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Chasing Neutrinos

Chasing Neutrinos

The most powerful tool in the world is studying hard-to-catch particles called neutrinos.

Chasing Neutrinos

Wednesday, November 2, 2016 - 15:45

Jason Socrates Bardi, Editor

(Inside Science) -- The neutrino experiment formerly known as LBNE has been transformed. The proposed experiment will be the most powerful tool in the world for studying hard-to-catch particles called neutrinos.

Spokesperson for the project, Mark Thomson, a professor of physics at the University of Cambridge, says, “The first thing we’re looking for is a fundamental difference between matter and anti-matter. This has been seen in particles called quarks before, but that’s not enough to explain why in fact the universe is dominated by matter over anti-matter. And our best bet for that is it’s something rather technical, that’s called leptogenesis but it’s connected to neutrinos.

Neutrinos are the most elusive particles in the universe; in fact there are more neutrinos in the universe than there are any other matter particle. It took a number of years before actual experimentalists first detected neutrinos. It’s only in the last 20 years that scientists started to uncover the real mysteries of neutrinos, and how they actually operate, and what makes them different from all the other particles.

Thomson says, “What we want to do with our experiment is fire a beam of neutrinos and detect them and look for the way they change their flavors and then do the same experiment with the anti-particles equivalent -- the anti-neutrinos. By doing that we can look for direct differences between neutrino oscillations and then for anti-neutrinos. By doing that we can detect a fundamental difference between matter and anti-matter.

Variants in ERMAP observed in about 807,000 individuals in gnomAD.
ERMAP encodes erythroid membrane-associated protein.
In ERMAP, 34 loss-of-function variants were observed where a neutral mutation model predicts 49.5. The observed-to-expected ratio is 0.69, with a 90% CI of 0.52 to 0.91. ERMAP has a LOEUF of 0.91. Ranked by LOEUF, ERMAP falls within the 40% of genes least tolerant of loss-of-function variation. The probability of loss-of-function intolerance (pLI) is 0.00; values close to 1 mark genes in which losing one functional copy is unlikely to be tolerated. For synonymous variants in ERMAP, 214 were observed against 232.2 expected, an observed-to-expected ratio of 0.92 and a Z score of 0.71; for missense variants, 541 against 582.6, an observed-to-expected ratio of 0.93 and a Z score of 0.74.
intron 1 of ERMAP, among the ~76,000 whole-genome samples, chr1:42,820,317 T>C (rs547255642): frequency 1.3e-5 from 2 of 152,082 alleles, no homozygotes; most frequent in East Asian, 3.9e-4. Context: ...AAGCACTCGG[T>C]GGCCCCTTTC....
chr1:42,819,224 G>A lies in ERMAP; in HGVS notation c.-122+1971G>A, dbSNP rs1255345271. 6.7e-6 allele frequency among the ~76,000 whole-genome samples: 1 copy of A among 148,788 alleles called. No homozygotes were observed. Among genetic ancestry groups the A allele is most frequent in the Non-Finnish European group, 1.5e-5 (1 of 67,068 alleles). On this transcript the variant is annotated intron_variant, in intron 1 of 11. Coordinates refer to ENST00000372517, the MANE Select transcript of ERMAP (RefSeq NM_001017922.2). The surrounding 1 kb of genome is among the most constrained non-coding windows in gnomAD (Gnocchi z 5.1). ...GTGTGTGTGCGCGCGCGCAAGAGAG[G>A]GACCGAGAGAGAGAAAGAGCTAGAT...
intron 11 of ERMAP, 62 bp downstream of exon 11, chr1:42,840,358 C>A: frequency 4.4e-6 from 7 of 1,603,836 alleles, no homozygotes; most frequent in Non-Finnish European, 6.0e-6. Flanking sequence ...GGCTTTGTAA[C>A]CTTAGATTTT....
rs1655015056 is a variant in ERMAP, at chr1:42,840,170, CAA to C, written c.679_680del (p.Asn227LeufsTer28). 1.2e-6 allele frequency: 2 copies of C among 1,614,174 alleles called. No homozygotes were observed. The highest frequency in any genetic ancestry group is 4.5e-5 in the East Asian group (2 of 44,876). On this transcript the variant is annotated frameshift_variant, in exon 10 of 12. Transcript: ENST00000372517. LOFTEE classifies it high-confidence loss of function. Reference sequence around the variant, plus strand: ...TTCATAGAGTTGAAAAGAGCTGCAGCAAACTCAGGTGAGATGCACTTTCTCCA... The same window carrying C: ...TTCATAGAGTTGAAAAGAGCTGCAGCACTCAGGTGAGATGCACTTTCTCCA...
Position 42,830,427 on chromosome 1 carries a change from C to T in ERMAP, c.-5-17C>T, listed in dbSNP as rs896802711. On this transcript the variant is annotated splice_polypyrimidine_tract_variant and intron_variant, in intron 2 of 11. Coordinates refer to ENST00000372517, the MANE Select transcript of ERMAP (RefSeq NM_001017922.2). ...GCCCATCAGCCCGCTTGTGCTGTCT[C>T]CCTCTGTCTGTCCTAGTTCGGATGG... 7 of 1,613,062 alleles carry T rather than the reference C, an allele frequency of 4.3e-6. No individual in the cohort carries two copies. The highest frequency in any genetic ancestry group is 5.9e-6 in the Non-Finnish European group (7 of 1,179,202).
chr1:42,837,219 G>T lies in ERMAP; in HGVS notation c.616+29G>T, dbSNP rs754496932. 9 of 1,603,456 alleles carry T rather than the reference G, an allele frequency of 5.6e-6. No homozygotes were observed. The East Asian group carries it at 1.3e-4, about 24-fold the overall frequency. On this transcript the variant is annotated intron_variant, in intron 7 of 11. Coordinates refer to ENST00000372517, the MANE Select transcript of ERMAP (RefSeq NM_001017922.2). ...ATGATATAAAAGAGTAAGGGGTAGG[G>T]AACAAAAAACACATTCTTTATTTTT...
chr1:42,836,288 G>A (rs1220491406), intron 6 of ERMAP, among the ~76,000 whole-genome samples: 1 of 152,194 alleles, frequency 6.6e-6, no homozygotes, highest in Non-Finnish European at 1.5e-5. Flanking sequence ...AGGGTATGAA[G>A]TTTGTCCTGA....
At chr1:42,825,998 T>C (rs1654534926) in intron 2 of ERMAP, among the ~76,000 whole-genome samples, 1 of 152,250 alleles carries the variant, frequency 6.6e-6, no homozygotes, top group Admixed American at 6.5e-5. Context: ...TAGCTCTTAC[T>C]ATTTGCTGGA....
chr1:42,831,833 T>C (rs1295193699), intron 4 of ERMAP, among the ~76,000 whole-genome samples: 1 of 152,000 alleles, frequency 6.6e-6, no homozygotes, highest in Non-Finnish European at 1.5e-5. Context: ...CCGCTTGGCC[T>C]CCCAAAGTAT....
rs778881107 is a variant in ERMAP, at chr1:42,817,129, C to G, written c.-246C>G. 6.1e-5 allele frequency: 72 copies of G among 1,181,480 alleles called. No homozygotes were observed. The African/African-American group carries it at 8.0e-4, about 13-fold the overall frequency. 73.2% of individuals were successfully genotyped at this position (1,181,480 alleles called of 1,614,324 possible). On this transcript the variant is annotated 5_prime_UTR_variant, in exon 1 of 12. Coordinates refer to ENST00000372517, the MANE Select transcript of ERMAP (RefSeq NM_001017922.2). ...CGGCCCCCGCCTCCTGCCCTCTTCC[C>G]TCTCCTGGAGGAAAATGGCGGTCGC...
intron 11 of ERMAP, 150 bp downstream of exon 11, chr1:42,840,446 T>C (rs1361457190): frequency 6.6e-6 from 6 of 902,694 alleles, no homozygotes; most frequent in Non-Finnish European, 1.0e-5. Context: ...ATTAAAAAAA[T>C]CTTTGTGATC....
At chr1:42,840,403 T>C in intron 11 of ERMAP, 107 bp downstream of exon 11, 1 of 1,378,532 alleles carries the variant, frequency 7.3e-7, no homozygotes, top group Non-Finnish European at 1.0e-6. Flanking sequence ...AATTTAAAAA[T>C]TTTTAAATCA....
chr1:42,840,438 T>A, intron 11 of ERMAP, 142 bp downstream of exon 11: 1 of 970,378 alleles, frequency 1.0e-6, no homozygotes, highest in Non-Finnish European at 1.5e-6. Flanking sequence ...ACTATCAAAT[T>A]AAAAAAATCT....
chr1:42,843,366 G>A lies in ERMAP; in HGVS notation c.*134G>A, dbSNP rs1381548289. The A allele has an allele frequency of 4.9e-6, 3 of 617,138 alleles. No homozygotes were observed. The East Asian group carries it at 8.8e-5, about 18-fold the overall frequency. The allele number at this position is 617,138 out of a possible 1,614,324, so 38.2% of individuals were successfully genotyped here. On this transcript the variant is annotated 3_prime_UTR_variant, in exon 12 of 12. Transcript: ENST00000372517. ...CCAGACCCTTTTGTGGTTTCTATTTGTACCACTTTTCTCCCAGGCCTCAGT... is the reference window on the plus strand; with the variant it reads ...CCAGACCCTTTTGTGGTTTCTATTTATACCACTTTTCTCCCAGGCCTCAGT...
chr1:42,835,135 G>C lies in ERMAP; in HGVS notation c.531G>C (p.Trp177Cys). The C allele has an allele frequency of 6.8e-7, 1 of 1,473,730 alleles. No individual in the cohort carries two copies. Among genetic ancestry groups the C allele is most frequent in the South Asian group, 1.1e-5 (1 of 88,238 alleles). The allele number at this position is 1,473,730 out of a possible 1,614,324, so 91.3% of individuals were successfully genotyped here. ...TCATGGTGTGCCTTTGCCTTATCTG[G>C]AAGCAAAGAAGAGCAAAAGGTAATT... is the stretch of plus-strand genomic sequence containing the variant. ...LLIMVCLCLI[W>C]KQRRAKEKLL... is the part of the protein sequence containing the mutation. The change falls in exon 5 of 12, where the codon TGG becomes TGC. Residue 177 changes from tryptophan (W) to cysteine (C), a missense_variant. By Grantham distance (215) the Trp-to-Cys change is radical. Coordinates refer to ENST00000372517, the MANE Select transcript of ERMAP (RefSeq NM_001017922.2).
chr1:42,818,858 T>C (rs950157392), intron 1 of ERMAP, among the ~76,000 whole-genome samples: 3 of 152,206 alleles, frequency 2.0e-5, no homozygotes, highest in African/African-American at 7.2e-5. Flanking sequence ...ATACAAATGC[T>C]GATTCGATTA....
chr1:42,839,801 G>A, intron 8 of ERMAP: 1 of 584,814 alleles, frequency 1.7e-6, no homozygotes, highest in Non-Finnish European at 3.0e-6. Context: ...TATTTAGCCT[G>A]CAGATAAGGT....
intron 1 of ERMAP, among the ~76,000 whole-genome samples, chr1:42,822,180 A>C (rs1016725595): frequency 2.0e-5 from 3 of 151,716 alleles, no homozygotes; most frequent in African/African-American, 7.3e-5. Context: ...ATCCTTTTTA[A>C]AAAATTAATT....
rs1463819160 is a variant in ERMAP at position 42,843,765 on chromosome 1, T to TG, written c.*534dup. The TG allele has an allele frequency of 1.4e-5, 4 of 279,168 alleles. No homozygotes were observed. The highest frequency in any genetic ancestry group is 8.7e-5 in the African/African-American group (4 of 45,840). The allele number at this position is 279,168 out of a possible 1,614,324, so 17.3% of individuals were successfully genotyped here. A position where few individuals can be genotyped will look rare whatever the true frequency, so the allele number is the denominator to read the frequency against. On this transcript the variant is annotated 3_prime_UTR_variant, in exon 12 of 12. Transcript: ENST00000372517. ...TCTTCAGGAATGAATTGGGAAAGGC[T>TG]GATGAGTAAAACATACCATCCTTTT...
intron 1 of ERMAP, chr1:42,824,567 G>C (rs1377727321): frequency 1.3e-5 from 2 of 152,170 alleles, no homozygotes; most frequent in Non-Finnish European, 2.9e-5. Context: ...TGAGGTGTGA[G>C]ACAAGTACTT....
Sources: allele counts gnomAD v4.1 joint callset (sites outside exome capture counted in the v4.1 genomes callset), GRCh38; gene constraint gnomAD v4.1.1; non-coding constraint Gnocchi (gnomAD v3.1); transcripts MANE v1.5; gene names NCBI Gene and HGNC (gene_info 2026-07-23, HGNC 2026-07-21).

“The first component is we have to produce a very intense beam of neutrinos. To give you a sense of the power to actually generate the number of neutrinos we need, we need about a megawatt of power of protons smashing into a target. So, what we do is accelerate many protons, smash them onto a target, and that produces lots of particles. And we let those particles then decay in a 200-meter-long tunnel, and many of those particles decay to neutrinos.

“So if you point your particles in the right direction, in our case, South Dakota, then the neutrinos will follow that direction. So in South Dakota what we’re planning to build are very, very large tanks of liquid argon. To give you an idea of the size, each of these detectors is roughly the size of an Olympic swimming pool made six times deeper. We’re going to have four of these detectors. They’re not filled with water, they’re filled with liquid argon,” says Thomson.

When a neutrino happens to interact anywhere in these vast swimming pools of liquid argon, what scientists are able to do is see all of the particles that come out of that interaction. Researchers will actually be able to image them -- not in just two-dimensional photographs –  and produce three-dimensional photographs of all of the particles that come out of the neutrino interactions. And that enables scientists to measure the properties of that neutrino interaction very, precisely.

Finally, Thomson says, “This is the remarkable thing from my perspective about this experiment -- I never thought, certainly in my lifetime, we would actually be able to do this experiment. So what we’re doing is something that really proves a fundamental symmetry of the universe.”

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Jason Socrates Bardi is the News Director of the American Institute of Physics and a longtime science writer.